Learner Services: Staff Development - Assessment
612 E. Bethany Drive, Allen, TX 75002
Beth Nicholas - Assistant Superintendent
Lisa Casto - Director of Staff Development
Assessment is an integral part of instruction, providing information about how well students are progressing toward state standards. Standards, curriculum, instruction, and assessment are interwoven in the learning process, and each informs the others. Standards and curriculum are the what – they define what we expect students to know and be able to do. Instruction is the how – it provides the specific learning experiences and ways of differentiating those experiences to scaffold student learning. Assessment is the how well – it gauges the attainment of learning to inform instructional practices and curriculum. A balanced approach to assessment includes a continuum of strategies within a range of frequency and purpose.
Formative assessment occurs continuously in the classroom, both within and between lessons. Information is used to adjust teaching strategies. Students receive frequent and meaningful feedback on their performances. Examples of formative assessment strategies include teacher observation, discussion, questioning, and non-graded class work. The focus of formative assessment is to determine what learning comes next for a student. Many teams write common formative assessments to assess learning prior to teaching. The diagram below shows the Allen ISD CFA cycle.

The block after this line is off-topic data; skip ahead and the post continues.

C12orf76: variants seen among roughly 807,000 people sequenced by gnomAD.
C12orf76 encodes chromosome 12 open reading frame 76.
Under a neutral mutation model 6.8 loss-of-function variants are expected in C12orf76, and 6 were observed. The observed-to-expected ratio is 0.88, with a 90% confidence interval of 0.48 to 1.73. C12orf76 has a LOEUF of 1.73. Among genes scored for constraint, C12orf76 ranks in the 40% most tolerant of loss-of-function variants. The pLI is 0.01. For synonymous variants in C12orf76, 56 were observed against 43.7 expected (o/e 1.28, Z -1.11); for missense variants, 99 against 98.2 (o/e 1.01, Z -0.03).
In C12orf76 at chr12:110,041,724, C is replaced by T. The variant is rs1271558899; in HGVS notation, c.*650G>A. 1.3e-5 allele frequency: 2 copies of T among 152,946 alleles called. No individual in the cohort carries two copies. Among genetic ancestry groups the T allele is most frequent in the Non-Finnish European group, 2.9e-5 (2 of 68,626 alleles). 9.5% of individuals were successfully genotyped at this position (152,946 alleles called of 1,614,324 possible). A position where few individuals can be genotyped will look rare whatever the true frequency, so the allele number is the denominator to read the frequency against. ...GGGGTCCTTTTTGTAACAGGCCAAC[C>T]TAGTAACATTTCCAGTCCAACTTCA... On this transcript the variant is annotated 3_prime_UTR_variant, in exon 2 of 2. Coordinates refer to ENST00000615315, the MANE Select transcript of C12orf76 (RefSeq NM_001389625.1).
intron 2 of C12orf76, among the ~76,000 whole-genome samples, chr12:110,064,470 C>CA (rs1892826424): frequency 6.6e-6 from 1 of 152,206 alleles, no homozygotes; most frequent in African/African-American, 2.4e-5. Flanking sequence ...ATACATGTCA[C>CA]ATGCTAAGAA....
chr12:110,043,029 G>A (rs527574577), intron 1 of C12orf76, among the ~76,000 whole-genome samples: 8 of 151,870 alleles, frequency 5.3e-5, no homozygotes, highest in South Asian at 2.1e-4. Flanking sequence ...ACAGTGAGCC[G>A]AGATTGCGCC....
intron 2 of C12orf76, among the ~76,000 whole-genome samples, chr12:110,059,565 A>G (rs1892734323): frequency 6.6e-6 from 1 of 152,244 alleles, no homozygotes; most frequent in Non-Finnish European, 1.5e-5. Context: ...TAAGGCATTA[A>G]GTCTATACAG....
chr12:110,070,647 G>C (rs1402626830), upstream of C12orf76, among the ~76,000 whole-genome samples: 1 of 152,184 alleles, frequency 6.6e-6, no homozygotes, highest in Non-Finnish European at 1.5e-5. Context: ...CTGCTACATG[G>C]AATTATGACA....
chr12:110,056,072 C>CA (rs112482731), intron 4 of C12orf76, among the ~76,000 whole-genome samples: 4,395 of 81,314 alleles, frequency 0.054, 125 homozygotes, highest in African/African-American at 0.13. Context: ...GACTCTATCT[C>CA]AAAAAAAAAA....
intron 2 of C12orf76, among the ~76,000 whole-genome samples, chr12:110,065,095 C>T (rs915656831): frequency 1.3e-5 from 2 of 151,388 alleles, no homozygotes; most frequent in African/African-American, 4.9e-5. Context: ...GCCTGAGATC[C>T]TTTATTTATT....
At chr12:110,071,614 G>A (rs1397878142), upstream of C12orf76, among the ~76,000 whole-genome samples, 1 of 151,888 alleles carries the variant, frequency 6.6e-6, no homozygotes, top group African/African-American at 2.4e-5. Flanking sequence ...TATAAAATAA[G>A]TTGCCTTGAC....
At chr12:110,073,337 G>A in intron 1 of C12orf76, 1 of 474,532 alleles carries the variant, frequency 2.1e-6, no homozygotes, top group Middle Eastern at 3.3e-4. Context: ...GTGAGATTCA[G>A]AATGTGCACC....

Benchmark assessment occurs within, between, and among instructional units. Information is used to identify strengths and gaps in curriculum and instruction. Grade-level curriculum may be refined, and teachers may modify instruction for student groups based on their progress. These assessments might be teacher-developed or district-developed products, The focus of benchmark assessment is to determine how student groups are progressing or how well a program is working.
Large-scale assessment occurs annually or less-frequently. Information is used to develop strategic, long-term evaluation of curriculum and programming based on trends over time, and to monitor state, district, and school progress. Assessment instruments and procedures are standardized so that comparisons can be made across student groups. Examples of large-scale assessment include the TAKS,STAAR, EOC and AP® exams. The focus of large-scale assessment is to determine how schools, districts, and states are progressing.
These assessment strategies provide information at differing intervals and for different purposes. Each one provides a different perspective, and one cannot take the place of another. Together, they provide a balanced approach to assessment that informs decisions at the classroom, school, district, state, and national levels.